Hong Kong’s importance is also neglected in HSBC’s Trade Winds report. This report notes that in 2015, global trade reached US$17.9 trillion, and forecasts it to soar to US$27.8 trillion and US$68.5 trillion in 2025 and 2050 respectively.

Yet it, too, fails to include Hong Kong in its analysis, saying nothing about the role it can play nor the lessons it can parlay to mainland China based on its previous experience in trading with Southeast Asia.

Asia’s share of global exports is forecast to rise from around a third in 2015 to 46 per cent in 2050; while Western Europe’s share is expected to decline from 34 per cent to 24 per cent, and North America’s to fall from 12 per cent to 10 per cent.

As a trading port and major logistical hub, Hong Kong obviously has a role to play in this expansion, especially in connecting Southeast Asia to China (though it will not be able to do justice to this role if by 2050 it has become a mere subservient add-on to mainland China).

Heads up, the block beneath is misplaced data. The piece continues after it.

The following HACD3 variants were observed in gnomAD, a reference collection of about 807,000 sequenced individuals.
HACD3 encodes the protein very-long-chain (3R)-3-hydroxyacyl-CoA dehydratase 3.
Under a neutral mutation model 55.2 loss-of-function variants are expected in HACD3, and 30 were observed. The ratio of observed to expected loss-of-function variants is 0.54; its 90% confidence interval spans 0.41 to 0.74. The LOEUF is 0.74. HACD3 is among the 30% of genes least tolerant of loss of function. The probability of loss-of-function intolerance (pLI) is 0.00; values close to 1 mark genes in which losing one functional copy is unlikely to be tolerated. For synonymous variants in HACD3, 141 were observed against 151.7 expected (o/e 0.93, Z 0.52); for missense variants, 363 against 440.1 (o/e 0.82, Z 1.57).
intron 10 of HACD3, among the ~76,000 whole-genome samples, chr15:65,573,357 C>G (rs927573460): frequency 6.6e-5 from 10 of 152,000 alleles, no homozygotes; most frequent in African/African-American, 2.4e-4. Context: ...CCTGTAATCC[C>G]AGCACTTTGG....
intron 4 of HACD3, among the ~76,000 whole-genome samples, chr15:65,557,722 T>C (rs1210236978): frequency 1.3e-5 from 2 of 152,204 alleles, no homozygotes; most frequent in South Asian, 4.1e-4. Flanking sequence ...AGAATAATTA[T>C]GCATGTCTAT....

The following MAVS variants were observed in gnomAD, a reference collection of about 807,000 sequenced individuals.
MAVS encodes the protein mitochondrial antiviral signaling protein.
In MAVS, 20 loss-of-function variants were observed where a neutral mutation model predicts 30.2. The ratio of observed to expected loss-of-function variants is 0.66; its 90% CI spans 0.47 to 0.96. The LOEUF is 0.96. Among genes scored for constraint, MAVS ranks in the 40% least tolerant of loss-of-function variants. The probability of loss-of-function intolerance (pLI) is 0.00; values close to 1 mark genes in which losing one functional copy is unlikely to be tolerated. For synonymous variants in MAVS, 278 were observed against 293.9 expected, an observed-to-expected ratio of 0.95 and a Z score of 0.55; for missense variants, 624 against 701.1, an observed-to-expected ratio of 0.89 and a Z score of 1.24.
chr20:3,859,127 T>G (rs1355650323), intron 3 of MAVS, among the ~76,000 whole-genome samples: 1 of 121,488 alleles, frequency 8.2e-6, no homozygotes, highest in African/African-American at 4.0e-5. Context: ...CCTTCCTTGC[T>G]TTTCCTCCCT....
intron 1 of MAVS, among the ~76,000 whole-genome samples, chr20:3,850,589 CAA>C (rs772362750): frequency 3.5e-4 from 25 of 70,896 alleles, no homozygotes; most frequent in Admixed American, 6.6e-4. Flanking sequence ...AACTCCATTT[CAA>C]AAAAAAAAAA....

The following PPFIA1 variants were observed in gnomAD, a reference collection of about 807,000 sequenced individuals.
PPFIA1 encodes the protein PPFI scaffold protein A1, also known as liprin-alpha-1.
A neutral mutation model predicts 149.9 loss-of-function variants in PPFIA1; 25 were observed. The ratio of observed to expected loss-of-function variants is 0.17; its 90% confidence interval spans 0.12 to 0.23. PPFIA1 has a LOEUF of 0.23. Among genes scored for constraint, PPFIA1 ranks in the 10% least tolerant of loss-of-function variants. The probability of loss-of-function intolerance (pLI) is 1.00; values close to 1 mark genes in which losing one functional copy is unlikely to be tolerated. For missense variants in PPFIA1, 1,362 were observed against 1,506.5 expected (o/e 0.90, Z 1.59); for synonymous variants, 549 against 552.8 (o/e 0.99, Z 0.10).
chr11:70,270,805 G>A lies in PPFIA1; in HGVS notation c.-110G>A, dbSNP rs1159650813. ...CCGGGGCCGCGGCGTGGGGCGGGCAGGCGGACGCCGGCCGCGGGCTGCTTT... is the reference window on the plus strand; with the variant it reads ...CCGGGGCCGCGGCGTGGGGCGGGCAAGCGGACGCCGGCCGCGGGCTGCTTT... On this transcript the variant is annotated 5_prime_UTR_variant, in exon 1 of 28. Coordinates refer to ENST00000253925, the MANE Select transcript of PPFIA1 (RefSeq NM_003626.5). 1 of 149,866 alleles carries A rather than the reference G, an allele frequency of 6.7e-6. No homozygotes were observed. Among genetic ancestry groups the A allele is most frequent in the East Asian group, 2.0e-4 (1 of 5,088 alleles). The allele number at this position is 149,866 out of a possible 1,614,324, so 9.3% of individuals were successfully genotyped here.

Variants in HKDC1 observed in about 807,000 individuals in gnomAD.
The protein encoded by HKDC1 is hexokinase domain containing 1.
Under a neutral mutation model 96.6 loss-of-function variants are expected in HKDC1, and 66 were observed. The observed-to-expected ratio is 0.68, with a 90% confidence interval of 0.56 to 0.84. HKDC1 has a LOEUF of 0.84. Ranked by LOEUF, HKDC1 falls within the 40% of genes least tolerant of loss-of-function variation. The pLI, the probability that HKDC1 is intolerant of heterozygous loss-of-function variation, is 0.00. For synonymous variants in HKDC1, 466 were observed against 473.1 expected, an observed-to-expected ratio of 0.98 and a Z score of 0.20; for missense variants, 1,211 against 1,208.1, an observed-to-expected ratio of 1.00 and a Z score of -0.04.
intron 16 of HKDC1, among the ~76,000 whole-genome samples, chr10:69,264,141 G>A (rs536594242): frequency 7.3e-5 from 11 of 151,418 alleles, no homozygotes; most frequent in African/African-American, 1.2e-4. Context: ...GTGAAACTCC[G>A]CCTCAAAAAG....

A third report, this one by McKinsey Global Institute, forecasts that by as early as 2030, Southeast Asia will have the fourth-largest GDP in the world, after the United States, China and Japan.

Again, little is mentioned of Hong Kong in this context. It is only implied that Hong Kong will gain from the regional growth spurt – nothing is said of how Hong Kong can serve as a bridge between China and Southeast Asia.